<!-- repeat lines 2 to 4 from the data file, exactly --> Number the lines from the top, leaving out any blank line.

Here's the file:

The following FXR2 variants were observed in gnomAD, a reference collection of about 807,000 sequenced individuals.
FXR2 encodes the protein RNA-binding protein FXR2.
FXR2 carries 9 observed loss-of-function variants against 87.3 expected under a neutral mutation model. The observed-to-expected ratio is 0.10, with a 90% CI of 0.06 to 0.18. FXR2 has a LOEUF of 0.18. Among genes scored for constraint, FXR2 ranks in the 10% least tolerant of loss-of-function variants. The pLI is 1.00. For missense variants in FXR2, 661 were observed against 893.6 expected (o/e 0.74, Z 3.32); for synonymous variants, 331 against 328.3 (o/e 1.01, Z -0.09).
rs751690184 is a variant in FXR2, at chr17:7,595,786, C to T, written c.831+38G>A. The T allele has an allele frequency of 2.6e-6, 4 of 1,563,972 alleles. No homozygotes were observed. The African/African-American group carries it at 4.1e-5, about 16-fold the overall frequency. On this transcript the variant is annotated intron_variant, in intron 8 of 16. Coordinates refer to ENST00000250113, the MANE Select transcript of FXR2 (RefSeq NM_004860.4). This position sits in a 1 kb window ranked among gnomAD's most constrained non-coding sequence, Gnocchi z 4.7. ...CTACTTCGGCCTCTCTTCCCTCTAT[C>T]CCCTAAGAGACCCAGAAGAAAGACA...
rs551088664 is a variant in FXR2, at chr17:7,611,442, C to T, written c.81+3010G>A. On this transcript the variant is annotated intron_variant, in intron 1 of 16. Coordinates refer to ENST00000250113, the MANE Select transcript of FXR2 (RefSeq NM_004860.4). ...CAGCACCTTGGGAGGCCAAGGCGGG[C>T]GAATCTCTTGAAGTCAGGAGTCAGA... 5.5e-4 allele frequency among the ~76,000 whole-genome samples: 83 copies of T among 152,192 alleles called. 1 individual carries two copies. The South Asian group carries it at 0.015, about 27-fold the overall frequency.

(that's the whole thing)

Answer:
FXR2 encodes the protein RNA-binding protein FXR2.
FXR2 carries 9 observed loss-of-function variants against 87.3 expected under a neutral mutation model. The observed-to-expected ratio is 0.10, with a 90% CI of 0.06 to 0.18. FXR2 has a LOEUF of 0.18. Among genes scored for constraint, FXR2 ranks in the 10% least tolerant of loss-of-function variants. The pLI is 1.00. For missense variants in FXR2, 661 were observed against 893.6 expected (o/e 0.74, Z 3.32); for synonymous variants, 331 against 328.3 (o/e 1.01, Z -0.09).
rs751690184 is a variant in FXR2, at chr17:7,595,786, C to T, written c.831+38G>A. The T allele has an allele frequency of 2.6e-6, 4 of 1,563,972 alleles. No homozygotes were observed. The African/African-American group carries it at 4.1e-5, about 16-fold the overall frequency. On this transcript the variant is annotated intron_variant, in intron 8 of 16. Coordinates refer to ENST00000250113, the MANE Select transcript of FXR2 (RefSeq NM_004860.4). This position sits in a 1 kb window ranked among gnomAD's most constrained non-coding sequence, Gnocchi z 4.7. ...CTACTTCGGCCTCTCTTCCCTCTAT[C>T]CCCTAAGAGACCCAGAAGAAAGACA...